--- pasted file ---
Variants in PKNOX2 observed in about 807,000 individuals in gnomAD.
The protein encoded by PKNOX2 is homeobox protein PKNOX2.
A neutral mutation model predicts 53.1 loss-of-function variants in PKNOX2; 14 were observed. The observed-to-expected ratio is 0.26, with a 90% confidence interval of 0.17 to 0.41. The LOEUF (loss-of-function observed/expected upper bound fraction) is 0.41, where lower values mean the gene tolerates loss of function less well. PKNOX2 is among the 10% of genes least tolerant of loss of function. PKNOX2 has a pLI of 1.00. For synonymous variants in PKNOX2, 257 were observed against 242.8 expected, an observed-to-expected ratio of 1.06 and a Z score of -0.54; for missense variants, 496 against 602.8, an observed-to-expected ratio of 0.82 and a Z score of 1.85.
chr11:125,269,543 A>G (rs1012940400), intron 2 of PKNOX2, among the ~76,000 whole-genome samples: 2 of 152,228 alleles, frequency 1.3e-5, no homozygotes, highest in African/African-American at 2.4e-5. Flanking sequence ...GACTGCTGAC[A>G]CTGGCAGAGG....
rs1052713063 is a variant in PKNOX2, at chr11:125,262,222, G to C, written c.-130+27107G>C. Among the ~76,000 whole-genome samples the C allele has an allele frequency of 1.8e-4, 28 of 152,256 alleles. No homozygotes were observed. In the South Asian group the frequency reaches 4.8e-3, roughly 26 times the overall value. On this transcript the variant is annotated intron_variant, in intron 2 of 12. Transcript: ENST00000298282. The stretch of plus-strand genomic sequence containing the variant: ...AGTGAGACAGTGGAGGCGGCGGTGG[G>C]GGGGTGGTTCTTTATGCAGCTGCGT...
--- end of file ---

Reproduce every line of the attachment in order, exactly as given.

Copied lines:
Variants in PKNOX2 observed in about 807,000 individuals in gnomAD.
The protein encoded by PKNOX2 is homeobox protein PKNOX2.
A neutral mutation model predicts 53.1 loss-of-function variants in PKNOX2; 14 were observed. The observed-to-expected ratio is 0.26, with a 90% confidence interval of 0.17 to 0.41. The LOEUF (loss-of-function observed/expected upper bound fraction) is 0.41, where lower values mean the gene tolerates loss of function less well. PKNOX2 is among the 10% of genes least tolerant of loss of function. PKNOX2 has a pLI of 1.00. For synonymous variants in PKNOX2, 257 were observed against 242.8 expected, an observed-to-expected ratio of 1.06 and a Z score of -0.54; for missense variants, 496 against 602.8, an observed-to-expected ratio of 0.82 and a Z score of 1.85.
chr11:125,269,543 A>G (rs1012940400), intron 2 of PKNOX2, among the ~76,000 whole-genome samples: 2 of 152,228 alleles, frequency 1.3e-5, no homozygotes, highest in African/African-American at 2.4e-5. Flanking sequence ...GACTGCTGAC[A>G]CTGGCAGAGG....
rs1052713063 is a variant in PKNOX2, at chr11:125,262,222, G to C, written c.-130+27107G>C. Among the ~76,000 whole-genome samples the C allele has an allele frequency of 1.8e-4, 28 of 152,256 alleles. No homozygotes were observed. In the South Asian group the frequency reaches 4.8e-3, roughly 26 times the overall value. On this transcript the variant is annotated intron_variant, in intron 2 of 12. Transcript: ENST00000298282. The stretch of plus-strand genomic sequence containing the variant: ...AGTGAGACAGTGGAGGCGGCGGTGG[G>C]GGGGTGGTTCTTTATGCAGCTGCGT...